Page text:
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Stiffening a suspension fork -or- swapping with rigid?

Old 12-17-11, 10:37 PM
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Telly
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Stiffening a suspension fork -or- swapping with rigid?

Hello everyone,

My daily commuter has a RST Neon TNL suspension fork with lock-out and pre-load adjustments. Even though I have the fork in the lock-out position there still is some play, especially when braking (normal, not-panic braking but keep in mind that I'm overweight). The fork itself has around 500km and has been like this from day one, and my LBS says that it's in top condition with no leaks or other problems.

Is there any way I can increase the load pressure on this model? And if not, can someone recommend a rigid fork that would fit my commuter; keeping in mind that my commute is done solely on pavement.

Thanks!

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Old 12-17-11, 11:17 PM
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If you are willing to swap to a rigid fork , then swap to a rigid fork but it might not be that easy. Rigid bikes are simpler and lighter and probably less likely to be stolen. You will have to do some work to re mount the light and any connection to the front hub dynamo (I assume you have). The stock hardware may work fine or may not. Also, unless the fork and headset appear to be of the older 'threaded' style, and most replacements are unthreaded, so you either need to find a compatible threaded ones or use unthreaded fork and get a new headset a stem to match.
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Old 12-17-11, 11:29 PM
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I'm relatively new to this kind of modifications so can you tell me how I can check to see if my front fork is threaded or not? Also I've read somewhere here at BF that there are rigid forks specifically made to replace suspension units; if that's not the case, then how can I calculate the correct length of the rigid fork?

Sorry if I'm answering your post with more questions, but I am mechanically apt and would like to try this by myself.
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Old 12-17-11, 11:41 PM
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That looks like a threaded stem, but here's an article about threaded versus threadless systems: https://sheldonbrown.com/headsets.html

As mentioned, most forks these days are threadless. If you have a threaded fork and want to put on a threadless fork you'll need a new headset and stem. Of course, make sure the fork you're looking at has studs for your V-brakes.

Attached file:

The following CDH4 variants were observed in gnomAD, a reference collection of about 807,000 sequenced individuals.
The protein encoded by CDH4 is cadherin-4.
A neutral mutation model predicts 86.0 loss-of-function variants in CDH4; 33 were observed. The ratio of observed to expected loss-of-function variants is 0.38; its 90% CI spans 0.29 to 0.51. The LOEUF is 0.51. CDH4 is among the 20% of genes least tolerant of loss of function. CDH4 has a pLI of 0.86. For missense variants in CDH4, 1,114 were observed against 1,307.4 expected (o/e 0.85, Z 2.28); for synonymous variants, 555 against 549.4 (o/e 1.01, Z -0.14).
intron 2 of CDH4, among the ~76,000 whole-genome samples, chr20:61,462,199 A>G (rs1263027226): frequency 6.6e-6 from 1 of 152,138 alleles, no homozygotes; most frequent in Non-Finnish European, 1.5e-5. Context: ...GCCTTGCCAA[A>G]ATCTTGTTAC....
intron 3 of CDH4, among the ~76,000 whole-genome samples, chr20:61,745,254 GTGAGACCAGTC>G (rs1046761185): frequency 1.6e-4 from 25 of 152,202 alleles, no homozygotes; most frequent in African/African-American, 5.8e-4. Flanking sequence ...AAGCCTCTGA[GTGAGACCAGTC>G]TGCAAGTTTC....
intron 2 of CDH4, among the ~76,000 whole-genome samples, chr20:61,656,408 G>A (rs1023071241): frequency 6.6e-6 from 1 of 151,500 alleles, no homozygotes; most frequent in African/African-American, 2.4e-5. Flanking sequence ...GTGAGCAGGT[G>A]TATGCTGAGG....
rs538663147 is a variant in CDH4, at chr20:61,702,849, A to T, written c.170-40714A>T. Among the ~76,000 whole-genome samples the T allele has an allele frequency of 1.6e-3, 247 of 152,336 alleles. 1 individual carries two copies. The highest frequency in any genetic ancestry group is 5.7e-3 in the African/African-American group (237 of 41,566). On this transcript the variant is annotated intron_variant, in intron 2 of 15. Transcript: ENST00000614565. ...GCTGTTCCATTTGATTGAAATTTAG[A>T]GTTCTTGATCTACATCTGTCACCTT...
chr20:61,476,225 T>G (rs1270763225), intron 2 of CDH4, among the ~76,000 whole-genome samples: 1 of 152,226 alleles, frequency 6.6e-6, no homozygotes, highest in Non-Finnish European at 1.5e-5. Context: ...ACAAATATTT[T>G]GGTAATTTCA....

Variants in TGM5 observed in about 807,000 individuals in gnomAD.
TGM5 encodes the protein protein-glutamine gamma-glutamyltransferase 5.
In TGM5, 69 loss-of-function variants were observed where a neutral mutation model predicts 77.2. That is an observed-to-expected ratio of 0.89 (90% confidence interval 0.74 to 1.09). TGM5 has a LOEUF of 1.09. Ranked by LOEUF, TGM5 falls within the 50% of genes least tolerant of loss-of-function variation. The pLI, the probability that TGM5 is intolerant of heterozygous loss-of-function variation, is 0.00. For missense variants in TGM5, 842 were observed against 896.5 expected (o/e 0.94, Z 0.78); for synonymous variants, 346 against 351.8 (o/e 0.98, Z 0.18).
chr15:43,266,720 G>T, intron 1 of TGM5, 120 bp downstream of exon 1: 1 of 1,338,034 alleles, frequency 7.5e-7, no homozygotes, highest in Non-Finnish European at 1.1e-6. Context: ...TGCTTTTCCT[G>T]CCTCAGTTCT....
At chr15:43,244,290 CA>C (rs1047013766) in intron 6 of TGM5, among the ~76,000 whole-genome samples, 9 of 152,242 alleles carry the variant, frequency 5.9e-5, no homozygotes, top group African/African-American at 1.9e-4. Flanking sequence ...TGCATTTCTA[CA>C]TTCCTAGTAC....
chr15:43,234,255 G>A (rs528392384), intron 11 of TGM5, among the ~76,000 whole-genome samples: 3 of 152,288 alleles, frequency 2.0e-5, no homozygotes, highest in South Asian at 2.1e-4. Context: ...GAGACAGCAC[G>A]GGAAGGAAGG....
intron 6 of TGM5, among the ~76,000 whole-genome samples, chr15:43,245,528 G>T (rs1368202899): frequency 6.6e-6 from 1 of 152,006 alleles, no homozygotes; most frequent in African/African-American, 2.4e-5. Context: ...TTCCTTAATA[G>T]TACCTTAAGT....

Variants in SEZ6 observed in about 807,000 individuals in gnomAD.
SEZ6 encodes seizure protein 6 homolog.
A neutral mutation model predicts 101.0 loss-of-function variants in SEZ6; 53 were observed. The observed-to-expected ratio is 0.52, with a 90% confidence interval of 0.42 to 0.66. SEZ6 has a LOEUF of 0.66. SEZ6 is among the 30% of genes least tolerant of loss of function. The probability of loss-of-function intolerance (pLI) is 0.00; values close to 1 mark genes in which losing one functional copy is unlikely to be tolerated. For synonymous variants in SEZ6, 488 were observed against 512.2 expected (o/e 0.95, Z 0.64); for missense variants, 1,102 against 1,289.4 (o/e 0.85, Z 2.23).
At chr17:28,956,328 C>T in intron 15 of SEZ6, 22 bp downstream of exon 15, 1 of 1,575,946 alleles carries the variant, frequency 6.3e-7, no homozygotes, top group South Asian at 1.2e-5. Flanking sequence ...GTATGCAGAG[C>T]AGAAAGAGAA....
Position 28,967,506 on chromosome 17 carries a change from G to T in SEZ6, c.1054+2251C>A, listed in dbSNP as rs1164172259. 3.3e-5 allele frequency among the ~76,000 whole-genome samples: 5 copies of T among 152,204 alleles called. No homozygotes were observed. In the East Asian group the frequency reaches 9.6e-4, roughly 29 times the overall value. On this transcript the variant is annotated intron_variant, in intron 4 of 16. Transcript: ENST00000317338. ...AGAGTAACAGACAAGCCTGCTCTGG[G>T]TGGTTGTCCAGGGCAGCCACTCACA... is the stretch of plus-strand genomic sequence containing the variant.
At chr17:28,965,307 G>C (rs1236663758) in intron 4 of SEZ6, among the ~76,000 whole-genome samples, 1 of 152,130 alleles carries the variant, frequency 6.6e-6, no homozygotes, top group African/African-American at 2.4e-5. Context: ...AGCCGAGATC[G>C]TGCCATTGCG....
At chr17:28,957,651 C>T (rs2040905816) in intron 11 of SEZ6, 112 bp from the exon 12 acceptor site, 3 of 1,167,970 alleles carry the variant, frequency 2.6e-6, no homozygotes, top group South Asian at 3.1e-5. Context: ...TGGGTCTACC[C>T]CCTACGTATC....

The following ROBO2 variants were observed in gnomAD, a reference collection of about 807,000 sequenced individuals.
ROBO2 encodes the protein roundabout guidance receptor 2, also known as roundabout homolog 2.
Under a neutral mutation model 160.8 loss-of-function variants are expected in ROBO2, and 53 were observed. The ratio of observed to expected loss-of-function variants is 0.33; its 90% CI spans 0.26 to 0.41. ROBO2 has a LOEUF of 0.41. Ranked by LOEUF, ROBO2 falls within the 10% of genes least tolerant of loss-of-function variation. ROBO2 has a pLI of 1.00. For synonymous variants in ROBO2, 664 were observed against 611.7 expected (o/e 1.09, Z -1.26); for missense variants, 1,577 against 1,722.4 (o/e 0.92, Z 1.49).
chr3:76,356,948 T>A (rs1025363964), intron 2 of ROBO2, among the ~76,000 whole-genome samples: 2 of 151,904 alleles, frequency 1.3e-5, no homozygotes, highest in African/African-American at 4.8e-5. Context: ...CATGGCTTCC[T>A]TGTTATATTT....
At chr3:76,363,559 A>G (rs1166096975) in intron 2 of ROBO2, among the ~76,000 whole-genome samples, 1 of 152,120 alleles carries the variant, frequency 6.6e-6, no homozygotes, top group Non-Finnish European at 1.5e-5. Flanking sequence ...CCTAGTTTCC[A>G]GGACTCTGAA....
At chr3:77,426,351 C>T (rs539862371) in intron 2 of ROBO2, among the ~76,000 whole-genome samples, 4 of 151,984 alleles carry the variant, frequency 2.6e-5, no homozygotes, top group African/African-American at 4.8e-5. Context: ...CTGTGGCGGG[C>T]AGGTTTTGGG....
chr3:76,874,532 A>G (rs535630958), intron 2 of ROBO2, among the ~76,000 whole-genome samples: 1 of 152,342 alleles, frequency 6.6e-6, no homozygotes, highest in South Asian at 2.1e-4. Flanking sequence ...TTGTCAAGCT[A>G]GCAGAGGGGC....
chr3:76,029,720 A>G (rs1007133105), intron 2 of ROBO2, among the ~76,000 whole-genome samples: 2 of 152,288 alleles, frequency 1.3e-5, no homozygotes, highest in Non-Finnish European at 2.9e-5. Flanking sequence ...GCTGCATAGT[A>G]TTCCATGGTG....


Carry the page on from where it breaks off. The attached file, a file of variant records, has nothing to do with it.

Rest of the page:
Rigid forks meant to replace suspension forks are said to be "suspension corrected" and have a larger axle-to-crown measurement. That's the number you want to look at. The distance from the axle to the fork crown - the point where the fork disappears into the headset. Contrary to what many believe, I don't think this number is all that critical. Your bike doesn't have much travel, even if you put on a non-corrected fork I doubt it would change the handling much. I've done these sorts of swaps before with no issues.

Finally, cheap suspension forks suck. A rigid fork is much better than a cheap suspension fork especially for commuting. A suspension fork is really not necessary for commuting, and I think you'll appreciate how much lighter and more efficient your bike will be with a rigid fork.

Last edited by FastJake; 12-17-11 at 11:46 PM.
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Old 12-17-11, 11:49 PM
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the ideal fork will have an 'axle to crown' length and 'rake' similar to the suspension fork. The axle-to-crown is the distance from the centre of the axle to the top of the crown of the fork - the surface the bearing race sits on - measured along the steering axis. The rake is the distance that the centre of the axle is in front of the steering axis, measured perpendicular to the steering axis.

Most people just find out or measure the approximate axle to crown distance and get something close. The rake on most forks is not too varied. This strategy works for most people. If you make a very big change, it can dramatically change the handling. If you make a small change in these dimensions, i will only make a small change in handling and you will get used to it within the first few miles of riding.